IMG_1700The smaller Pit 2, is much deeper and shows a few very well restored examples of the warriors, apparently guarding the generals meeting rooms. Greeting you is and a well displayed set of 4 horses and poised chariot rider. The wooden chariot has since rotted but there is a reconstruction in one of the other buildings. You get a good insight into how the soldiers were all originally painted in their actual regimental colours and when magnified by 6,000, how incredible the army would have looked. Unfortunately the paint quickly dries and will peel off, lost forever, within 3 minutes if  exposed to today’s dry air. In this Pit you can also get a perfect cheesy souvenir photo with some warrior replicas. We did !

Pit 2 Chariot

Pit 2 Chariot

Cheesy Snap 

Pit 3 has rather a lot to be done as excavation has hardly even started. It provides the opportunity to see how the warriors were discovered during the excavations, looking like toy soldiers that have been hurled across the floor, broken, crushed and shattered. You also get an appreciation of all the hard work that goes in to the restoration that brings them back to life, for us photo happy tourists to snap and appreciate. The highlight of this Pit is the immaculately restored warriors in the display cabinets which allow  you to get up close  and really appreciate the phenomenal detail that the craftsmen created in their construction. There is a kneeling archer, gazing pensively at the horizon, a well robed general who is large and powerful in stature, a horse handler with his well groomed, trusty steed and a junior archer ( who looks rather like Legolass from “Lord of the Rings”) .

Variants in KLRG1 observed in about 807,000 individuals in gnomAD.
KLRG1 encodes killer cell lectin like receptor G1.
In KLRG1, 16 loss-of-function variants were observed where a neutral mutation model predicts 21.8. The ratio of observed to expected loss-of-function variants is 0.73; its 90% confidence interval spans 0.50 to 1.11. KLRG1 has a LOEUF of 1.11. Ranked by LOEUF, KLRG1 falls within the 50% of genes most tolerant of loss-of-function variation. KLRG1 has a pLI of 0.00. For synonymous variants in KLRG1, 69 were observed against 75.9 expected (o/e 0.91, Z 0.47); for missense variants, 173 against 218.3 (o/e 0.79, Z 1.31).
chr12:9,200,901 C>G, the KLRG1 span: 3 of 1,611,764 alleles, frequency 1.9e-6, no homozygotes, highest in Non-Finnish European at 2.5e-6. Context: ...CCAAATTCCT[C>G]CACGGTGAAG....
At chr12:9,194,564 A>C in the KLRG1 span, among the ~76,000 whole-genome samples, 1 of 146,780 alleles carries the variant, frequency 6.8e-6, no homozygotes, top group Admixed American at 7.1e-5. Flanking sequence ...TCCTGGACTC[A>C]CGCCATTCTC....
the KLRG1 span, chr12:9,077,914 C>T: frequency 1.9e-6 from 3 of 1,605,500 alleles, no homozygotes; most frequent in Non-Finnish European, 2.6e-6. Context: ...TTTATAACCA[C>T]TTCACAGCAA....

Toy Soldiers

Toy Soldiers

IMG_1683IMG_1688You can also view a range of the weapons that each warrior would have been originally armed with. Once more many have rotted due to their wooden construction but apparently the steel was in incredible condition and 2000 years before the rest of the world, Emperor Ming had developed an early method of rust proofing using a thin covering of “chromium oxide” to keep the edges razor sharp, eternally ready for battles  in the afterlife.

IMG_1736The army is just one of the Shaanxi sights around the smoggy, grey and rapidly expanding (up and out) city of Xian. The Xian City walls have been well restored to a very high standard, and seem to define a line between the new modern grey monstrosities and the more traditional older architecture, protected within. The bell and drum tower were worth a quick visit, although still somewhat lost  amoungst the modern Chinese shopping malls. The hustling and bustling Muslim Quarter crammed with local tourists all actively hunting for a cheap souvenir and good snack, oozed with energy and excitement, and assuming you can actually seek it out, the Muslim Mosque felt like a relaxing oasis of peace.

IMG_1735The “Famous Big Wild Goose Pagoda” was a little disappointing, especially on arrival at the top, where you cannot get out onto a balcony or even to a decent window to be rewarded by the panoramic view of the surroundings (which admittedly are hidden by smog anyway). There is much more to see at the bottom and the surrounding gardens display a lot of well planned, thoughtful and tasteful investment, sharing insights into the local history and culture.

We opted to stay at the novel “Terracotta Warriors Apartments” which were cute, with several life size warriors in every room, and even Terracotta Warrior costumes to try on for size, and also perfectly located for Xian exploration. It was ideal for a short, sharp visit to Xian.

Don't mess now !

Don’t mess now !View from the bed

Terracotta Warriors, 1000s of them !

Terracotta Warriors, 1000s of them !